The Pentrich Engine
Francis Thompson (1747-1809) in 1791 designed and built an engine to remove the flood water from a colliery at Pentrich in Derbyshire. This engine is preserved, and is now displayed at the Kensington Science Museum in London. Engines in the eighteenth century derived their power from the pressure of the earths’ atmosphere acting against a vacuum that had been created by the condensation of steam beneath the piston, within the powering cylinder, these engines became known as atmospheric engines.
In 1819 the Pentrich engine was dismantled and reassembled at Staveley Lower Ground Colliery, where it was to operate for the following twenty years.
In 1839 the engine was again dismantled and returned to the Pentrich Colliery where it continued to remove the flood water until 1915.
The powering cylinder had an internal diameter of 57.5 inches and the piston completed a working stroke of eight feet, for each minute six working strokes were completed, lifting 166 gallons of water from the mine workings 360 feet beneath the engine, enabling the miners to work without the constant fear of flooding.
Francis Thompsons’ drawing of 1774. His name can clearly be seen around the cylinder top, also the Latin inscription Multum en Parvo. (A great deal in a small compass) and his signature, on this occasion he uses the spelling Tompson.
Francis Thompson was born at Winster in Derbyshire; however, his exact date of birth is unknown. He became an engineer of considerable eminence during the last twenty-five years of the eighteenth-century. There is much fragmented evidence about Thompson.
Many of his letters and design sketches survive including a large drawing of an atmospheric engine which was drawn in 1774. This drawing shown on the left is now preserved at the Derbyshire Records Office at Matlock. Thompson was a typical representative of the pioneers of the industrial revolution who, by sheer merit and hard work, gained for themselves a measure of fame. He became well known in this lead mining area of Derbyshire, and also became known wherever water was a problem in any mining industry.
He designed pumping engines used as far afield as Leeds and South Wales. John Farey in his book, A Treatise on the Steam Engine describes Thompson as an operative engineer who had an extensive practice in that district and a practical engine builder who designed and erected Newcomen type engines for the lead mines of Derbyshire.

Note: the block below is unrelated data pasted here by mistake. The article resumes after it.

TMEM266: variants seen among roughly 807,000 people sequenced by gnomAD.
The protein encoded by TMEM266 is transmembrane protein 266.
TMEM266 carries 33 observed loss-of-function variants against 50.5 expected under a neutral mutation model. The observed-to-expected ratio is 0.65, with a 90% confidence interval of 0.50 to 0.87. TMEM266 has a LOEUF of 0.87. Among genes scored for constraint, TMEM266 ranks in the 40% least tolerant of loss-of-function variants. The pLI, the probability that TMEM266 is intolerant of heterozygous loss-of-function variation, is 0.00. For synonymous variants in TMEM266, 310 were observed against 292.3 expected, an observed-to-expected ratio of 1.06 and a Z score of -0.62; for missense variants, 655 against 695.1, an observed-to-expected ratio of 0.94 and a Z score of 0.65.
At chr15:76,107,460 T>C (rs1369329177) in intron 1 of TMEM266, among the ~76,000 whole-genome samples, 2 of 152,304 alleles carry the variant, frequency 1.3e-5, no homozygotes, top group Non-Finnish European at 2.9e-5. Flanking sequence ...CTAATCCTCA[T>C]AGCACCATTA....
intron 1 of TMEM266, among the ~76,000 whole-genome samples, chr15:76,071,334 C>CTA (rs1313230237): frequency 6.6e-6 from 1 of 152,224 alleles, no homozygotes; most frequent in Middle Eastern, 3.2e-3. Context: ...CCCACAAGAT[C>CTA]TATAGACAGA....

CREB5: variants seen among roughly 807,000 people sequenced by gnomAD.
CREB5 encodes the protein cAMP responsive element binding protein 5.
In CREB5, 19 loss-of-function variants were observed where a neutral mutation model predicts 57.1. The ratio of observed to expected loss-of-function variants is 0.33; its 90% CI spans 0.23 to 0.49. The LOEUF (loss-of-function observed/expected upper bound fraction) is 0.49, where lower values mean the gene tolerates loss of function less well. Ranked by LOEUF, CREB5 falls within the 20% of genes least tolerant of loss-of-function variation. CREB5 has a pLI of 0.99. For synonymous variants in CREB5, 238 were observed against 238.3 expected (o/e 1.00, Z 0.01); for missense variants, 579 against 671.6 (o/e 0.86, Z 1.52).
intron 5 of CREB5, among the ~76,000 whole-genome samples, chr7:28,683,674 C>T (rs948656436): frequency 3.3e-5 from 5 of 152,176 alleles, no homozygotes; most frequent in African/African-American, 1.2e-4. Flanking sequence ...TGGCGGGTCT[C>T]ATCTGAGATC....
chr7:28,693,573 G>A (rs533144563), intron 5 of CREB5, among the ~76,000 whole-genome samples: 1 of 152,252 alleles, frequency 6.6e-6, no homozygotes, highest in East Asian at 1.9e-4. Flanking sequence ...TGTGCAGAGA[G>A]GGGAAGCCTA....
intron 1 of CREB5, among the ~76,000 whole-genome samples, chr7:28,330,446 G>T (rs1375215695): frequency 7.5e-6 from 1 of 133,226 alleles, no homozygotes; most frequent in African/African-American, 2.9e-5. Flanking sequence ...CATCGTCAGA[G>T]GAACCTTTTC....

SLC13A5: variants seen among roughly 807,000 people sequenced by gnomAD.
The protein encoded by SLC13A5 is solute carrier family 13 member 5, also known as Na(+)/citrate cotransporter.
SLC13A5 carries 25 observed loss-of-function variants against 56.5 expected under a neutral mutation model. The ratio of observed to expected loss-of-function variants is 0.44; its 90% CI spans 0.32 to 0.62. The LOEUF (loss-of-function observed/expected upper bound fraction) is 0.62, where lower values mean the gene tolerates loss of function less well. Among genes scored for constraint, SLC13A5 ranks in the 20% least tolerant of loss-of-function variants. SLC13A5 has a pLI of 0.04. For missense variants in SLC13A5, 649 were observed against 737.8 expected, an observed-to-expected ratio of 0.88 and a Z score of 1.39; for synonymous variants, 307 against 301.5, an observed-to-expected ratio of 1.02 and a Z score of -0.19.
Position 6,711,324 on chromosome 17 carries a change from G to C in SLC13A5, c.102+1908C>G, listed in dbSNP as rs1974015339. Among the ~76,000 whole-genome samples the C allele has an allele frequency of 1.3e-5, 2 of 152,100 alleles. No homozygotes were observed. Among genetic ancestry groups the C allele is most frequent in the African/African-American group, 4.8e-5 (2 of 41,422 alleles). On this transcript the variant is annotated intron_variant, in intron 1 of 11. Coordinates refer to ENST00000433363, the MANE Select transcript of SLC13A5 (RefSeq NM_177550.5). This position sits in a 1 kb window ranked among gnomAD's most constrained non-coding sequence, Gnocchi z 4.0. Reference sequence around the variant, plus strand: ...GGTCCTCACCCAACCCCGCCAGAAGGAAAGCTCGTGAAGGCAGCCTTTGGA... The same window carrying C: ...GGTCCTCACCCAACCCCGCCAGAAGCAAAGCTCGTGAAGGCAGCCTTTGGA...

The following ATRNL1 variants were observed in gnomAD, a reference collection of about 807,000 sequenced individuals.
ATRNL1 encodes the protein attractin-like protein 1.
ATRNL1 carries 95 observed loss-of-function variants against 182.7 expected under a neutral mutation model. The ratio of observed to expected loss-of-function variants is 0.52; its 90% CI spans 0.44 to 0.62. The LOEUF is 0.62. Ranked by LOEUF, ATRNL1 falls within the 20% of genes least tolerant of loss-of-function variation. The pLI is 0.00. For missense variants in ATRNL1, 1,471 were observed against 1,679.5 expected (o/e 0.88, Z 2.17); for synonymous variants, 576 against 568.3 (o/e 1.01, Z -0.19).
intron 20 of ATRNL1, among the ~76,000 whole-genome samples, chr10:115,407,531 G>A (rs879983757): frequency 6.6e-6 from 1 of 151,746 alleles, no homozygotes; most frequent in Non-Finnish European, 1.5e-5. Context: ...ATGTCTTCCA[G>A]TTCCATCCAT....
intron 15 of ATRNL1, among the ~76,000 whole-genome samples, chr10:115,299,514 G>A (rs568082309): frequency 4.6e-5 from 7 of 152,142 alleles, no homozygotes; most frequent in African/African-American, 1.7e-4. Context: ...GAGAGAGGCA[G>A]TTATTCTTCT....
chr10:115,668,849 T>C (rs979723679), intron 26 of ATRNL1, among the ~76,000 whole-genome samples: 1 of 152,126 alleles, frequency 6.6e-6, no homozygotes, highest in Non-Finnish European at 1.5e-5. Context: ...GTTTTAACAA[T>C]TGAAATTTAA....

Thompson in 1782 designed a large family house at Ashover from where he conducted his engineering consultancy; he never operated from a factory of his own. Ebenezer Smith at the Griffin Foundry at Chesterfield was his main supplier.
Francis Thompson shows by this drawing he was fully conversant with the working principals of an atmospheric engine; this would have given the Pentrich Mine owners the confidence he could design and built the large atmospheric engine which was needed to remove the flood water at their colliery at Pentrich.
A considerable effort has been made to recreate this model of the Pentrich Engine how it would have appeared in 1791, without the modifications that would have taken place during its working life of 125 years.
One example of this, in 1791 the overhead rocking beam would have been constructed from a single baulk of English Oak, in c1840 this bean was replaced by the cast-iron beam shown on the drawing by C.O. Becker in 1919.
When the engine was dismantled drawings and photographs made by William Thompson Anderson and the drawing by C.O. Becker in 1919, have allowed the creation of this model possible. Every part is individually made from materials which would have been available to the original constructors of the late eighteenth century; 240 links of the operating chains are individually hand forged.
This photograph was taken by William Thompson Anderson in c1915 showing the Pentrich Engine after a working life of almost 125 years, the main oscillating beam was now cast from iron.
These three views of the engine were drawn and presented to the Science Museum by C.O. Becker in 1919. Before formulating my plan, to recreate this engine in a miniature form this drawing was printed to my chosen scale of the model; 1/16 full size or ¾ inch to one foot. Always remembering the modifications that had taken place during the engines working life; The model was to represent how the engine would have appeared on completion by Francis Thompson in 1791.
This view shows the model above and below ground, from the basement to the apex of the roof this represents almost 80 feet. The engine is made only from materials which would have been available the engineers of the eighteenth century. The gable wall is constructed from 1,340 individual carboniferous sand stone blocks, cut to size with a diamond saw.
An end view showing in section the pumps within the shaft leading into the mine workings; three pumps were used; – these pumps lifted the flood water from the mine workings 360 feet beneath the engine; -this was called stage pumping, using this method the pressure on each pump would have been divided equally. The pressure of water by gravity alone at this depth would have been c180 lbs/sq. inch, this would have exceeded the safe working pressure of a single pump at the bottom of the mine.